Cotoneaster, Leucothoe and Heuchera


Variegated Cornus


Holly and ripening berries

 Varying shades and textures of green in a red container makes for a great looking winter display
Variegated Euonymus, Heuchera, Ivy and Maidenhair fern planted up for a winter display
Drenched in rain - species Nasturtium with it's green leaves and red calyx grows happily through the privet hedge.  Later the green seeds will ripen to metallic blue berries
Tropaeolum speciosum
From the tiny proportions of the Tropaeolum leaves to the massive proportions of the Fatsia foliage

Providing an almost jungle effect in the side garden Fatsia is very much at home in the shade
Fatsia, Fern, Magnolia and Zantedeschia looking lush in October rain 
Regular rainfall will provide better conditions for the slimy creatures I mentioned in my previous post - I suspect the Lupins will one of the first casualties, it usually is!


I'm seeing mixed messages from Hosta So Sweet - it seems a bit confused as to what time of the year it is

Hosta So Sweet


Euphorbia characias Silver Swan - not only tall and elegant in the heavy rain, it really lights up on a dull day.


Euphorbia Silver Swan
I do suspect I may have over done my first foliage post - so a big thank you for your patience and perseverance.  It wasn't supposed to be this lengthy and believe me, there was lots I left out.  

I leave you with a shot of my favourite shrub, complete with cobweb for effect!

Cornus alternifolia Argentea

20 comments:

  1. A post like this can never be to long Angie. I love to see the different kind of foliage especialy with the raindrops.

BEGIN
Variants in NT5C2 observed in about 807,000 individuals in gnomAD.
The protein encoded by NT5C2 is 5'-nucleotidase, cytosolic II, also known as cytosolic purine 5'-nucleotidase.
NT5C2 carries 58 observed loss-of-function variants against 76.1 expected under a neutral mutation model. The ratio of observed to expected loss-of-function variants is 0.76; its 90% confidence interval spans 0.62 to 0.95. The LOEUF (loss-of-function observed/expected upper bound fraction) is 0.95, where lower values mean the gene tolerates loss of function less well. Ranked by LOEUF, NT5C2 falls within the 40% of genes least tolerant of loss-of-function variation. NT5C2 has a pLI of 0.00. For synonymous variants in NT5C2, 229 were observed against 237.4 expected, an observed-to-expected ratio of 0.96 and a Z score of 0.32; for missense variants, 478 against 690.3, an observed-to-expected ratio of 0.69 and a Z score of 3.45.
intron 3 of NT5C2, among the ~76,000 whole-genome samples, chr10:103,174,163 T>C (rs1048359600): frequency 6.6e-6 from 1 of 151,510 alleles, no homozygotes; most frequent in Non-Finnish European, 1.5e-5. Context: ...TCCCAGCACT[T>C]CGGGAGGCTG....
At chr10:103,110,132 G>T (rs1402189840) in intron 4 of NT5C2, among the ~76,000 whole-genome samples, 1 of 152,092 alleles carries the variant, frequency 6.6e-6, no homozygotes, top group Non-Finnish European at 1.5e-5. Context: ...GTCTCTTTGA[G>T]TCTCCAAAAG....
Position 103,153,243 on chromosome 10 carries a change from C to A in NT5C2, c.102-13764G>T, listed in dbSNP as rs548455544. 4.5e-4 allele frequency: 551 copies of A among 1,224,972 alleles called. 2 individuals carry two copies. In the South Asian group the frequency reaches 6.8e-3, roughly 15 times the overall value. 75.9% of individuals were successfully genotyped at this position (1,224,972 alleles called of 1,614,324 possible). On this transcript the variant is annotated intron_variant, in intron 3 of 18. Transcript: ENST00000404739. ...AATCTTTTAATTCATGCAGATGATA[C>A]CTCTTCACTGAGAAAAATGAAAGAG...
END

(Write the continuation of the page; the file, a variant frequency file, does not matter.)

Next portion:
I also don't mind to do some gardening when it's grey and rainy. I love the scent the garden brings at those moments.
    Have a wonderful weekend Angie.

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  2. Beautiful photos!! I don't care for the rain. The last time we had a stretch of rainy weather, I didn't see my raised beds for two weeks! Happy first year of your blog!

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  3. What an unusual mahonia - I've never seen this before.

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  4. Great photography and the raindrops on the leaves is beautiful. Enjoyable post!

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  5. One of the best Foliage Follow-Up posts I've ever seen! You should do this more often! I agree that the plants look wonderful with a fresh rain. My only issue with gardening in the rain is that the camera gets wet. How do you keep yours dry?

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  6. Great photos, I love seeing water droplets on foliage.

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  7. Such beautiful foliage, so many different colours and textures, just like a beautiful tapestry. I have always been very keen on contrasting foliage in the garden, then , there is always something to enjoy when the flowers are having a rest.

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  8. Lovely foliage shots. You got some great ones showing off all the rain. That does make for some great photos.
    Cher Sunray Gardens

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  9. Happy blogaversary! I am going to have to look for that mahonia soft caress. So unusual! And the Enkianthus is quite striking. I also love the red against the silver swan. Just beautiful. You have some fabulous foliage in your garden.